Skip to main content
eScholarship
Open Access Publications from the University of California

Trace Elements: Non-linear multi-narrative storytelling as a means of deconstructing American mythologies

  • Author(s): Coyl, Finley
  • Advisor(s): Murray, Soraya
  • et al.
Creative Commons Attribution-ShareAlike 4.0 International Public License
Abstract

The following paper is the critical foundation for the thesis project Trace, and draws analysis from New Media Studies, Queer Games Studies, Visual Culture Studies, Science Fiction, Queer Theory and more.

Trace is a non-linear, multi-vocal narrative fiction navigated from the experience of three family members around select historically pivotal events. A combination of text, illustration, video, sound and internet sources, Trace explores different modes of temporality and media representation to examine the frameworks in which particular stories are told. Shaped as a collection of multimedia fragments, the project offers the reader navigation through certain choices—such as avoidance, complicity, action, or resistance—as the story unravels. Trace is built in Twine, a free, open-source hypertext game platform, with some additional HTML5/CSS.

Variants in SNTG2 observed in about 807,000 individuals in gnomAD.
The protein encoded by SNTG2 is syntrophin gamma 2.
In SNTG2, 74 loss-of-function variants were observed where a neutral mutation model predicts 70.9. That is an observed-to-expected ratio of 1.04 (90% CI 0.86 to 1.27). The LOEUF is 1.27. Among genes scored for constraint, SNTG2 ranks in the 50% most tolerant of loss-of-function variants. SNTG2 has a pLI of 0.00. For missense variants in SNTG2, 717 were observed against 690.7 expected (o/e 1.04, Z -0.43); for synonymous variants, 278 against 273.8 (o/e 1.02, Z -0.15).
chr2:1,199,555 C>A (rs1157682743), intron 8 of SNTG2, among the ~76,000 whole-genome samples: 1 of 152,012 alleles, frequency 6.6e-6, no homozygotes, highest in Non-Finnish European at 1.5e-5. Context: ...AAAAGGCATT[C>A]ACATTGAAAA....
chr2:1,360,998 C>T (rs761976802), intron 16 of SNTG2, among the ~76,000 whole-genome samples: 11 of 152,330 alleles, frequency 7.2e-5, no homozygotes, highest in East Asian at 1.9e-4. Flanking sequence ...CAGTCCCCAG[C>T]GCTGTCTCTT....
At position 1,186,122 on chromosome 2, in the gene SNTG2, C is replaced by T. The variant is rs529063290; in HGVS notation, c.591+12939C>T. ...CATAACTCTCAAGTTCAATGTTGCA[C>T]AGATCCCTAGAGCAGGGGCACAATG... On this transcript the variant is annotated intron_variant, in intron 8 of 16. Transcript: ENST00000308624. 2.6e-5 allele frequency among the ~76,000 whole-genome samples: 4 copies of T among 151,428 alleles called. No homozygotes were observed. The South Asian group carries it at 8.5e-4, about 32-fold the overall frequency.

Both the project and paper attempt to question three main themes of media shift, queer structure and digital identities. First, how does new media function as both a platform and as perspective for continually shifting information? Second, how do queer narrative content and structure work together to amplify conceptual aspects of non-linear storytelling? Along with this question, the paper examines how several new media artists—with a particular focus on women, queer, trans and gender non-conforming artists—are working with non-linear storytelling to examine dominant historical narratives. And finally, is it possible to construct a truthful historical narrative that contains a multiplicity of voices, identities and contradictions?

Main Content
Current View